Pam Palm, acting as the Press Information Officer for the Unified Public Health Command managing the response to the Ohio measles outbreak, spoke with the Examiner by phone today and confirmed that the number of confirmed cases has remained steady at 368 for several days. No one is prepared to declare the outbreak over. The standard for the end of such an outbreak is a 42 day period with no new cases. The last measles illness in Ohio began June 29 so it will be at least until Aug. 10 before any such declaration could be made.
The Ohio Department of Health daily report of measles cases has stood at 368 for nearly a week. Knox County, at the center of the outbreak with 195 reported cases, has not seen a new case of measles since June 11, Ms. Palm stated. Their 42 day window expires about July 23.
There have been ten hospitalizations for measles. Half of the hospitalized patients have been infants. Nearly all of the patients have been Amish with the exception of an infant from Highland County and several preschoolers from upstate Ohio, Palm noted. All their illnesses are directly linked to exposure to Amish illnesses.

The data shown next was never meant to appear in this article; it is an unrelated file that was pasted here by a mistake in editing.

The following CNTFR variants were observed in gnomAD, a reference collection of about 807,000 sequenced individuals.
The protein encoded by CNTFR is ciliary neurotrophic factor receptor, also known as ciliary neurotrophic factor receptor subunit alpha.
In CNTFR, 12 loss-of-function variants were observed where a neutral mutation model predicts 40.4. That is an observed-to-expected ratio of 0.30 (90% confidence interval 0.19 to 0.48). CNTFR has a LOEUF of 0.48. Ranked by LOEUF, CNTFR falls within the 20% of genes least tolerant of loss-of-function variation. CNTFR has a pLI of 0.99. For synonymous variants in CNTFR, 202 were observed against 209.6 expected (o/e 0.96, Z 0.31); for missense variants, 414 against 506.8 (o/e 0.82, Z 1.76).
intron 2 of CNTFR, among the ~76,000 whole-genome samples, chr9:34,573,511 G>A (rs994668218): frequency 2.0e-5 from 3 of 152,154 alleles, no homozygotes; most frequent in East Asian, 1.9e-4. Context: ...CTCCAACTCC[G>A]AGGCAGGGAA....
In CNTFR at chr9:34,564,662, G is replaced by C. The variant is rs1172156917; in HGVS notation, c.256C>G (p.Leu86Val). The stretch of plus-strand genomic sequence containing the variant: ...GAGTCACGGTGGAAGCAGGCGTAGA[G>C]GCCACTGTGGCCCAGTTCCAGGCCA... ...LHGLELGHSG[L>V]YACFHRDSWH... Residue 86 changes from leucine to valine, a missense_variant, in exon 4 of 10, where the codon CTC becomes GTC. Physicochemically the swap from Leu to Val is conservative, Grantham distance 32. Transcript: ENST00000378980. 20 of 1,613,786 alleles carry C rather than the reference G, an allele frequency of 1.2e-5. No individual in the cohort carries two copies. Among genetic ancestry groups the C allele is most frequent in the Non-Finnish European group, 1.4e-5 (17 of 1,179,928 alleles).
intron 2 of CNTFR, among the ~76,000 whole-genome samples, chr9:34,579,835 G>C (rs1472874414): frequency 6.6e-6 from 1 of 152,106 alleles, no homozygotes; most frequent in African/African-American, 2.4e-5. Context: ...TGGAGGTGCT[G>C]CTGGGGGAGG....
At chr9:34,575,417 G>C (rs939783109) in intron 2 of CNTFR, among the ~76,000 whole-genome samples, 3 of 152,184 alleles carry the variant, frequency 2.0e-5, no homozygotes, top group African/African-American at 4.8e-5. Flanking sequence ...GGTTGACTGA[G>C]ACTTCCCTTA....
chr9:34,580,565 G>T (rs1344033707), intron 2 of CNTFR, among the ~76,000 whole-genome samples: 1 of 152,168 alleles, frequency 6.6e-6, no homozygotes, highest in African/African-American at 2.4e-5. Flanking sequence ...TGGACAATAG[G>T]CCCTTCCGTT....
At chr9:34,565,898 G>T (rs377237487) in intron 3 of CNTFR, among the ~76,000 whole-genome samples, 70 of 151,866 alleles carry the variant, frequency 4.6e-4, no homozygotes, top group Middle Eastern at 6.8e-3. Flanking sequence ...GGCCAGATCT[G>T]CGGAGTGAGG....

The public health authorities in Ohio continue to offer measles vaccinations on a walk-in basis as they wait for Aug.10. Palm stated that as many as 40 percent of the 3,500 Amish in Knox County have been newly immunized. Church services have been resumed in the various communities.
Ms. Palm pointed out that Ohio's Amish Country was host to annual events over the holiday weekend of July 4 promoting Amish culture and tourism. Officials are waiting with bated breath to see if these large gatherings will result in new measles cases or not.
The Kansas City outbreak continues to grow. KSNW is reporting two new measles cases in the Wichita, KS metro area. One adult and one child have been confirmed to have contracted the illness and both cases are linked to the Kansas City outbreak. This increases the 2014 total for the state to five. As of a June 28 e-mail to the Examiner, Missouri has seen 17 measles cases in the outbreak.
KCPQ reported July 10 that the state of Washington has had 27 measles cases in 2014. The Tacoma-Pierce County Health Department reported on July 9 that a second case had been diagnosed in the county. Both cases are tied to an measles outbreak that began May 30 in the state which now totals 12. King County has ten in its Micronesian community. The first Pierce County patient was exposed in a Pierce County emergency department. This second case had close contact with the first case.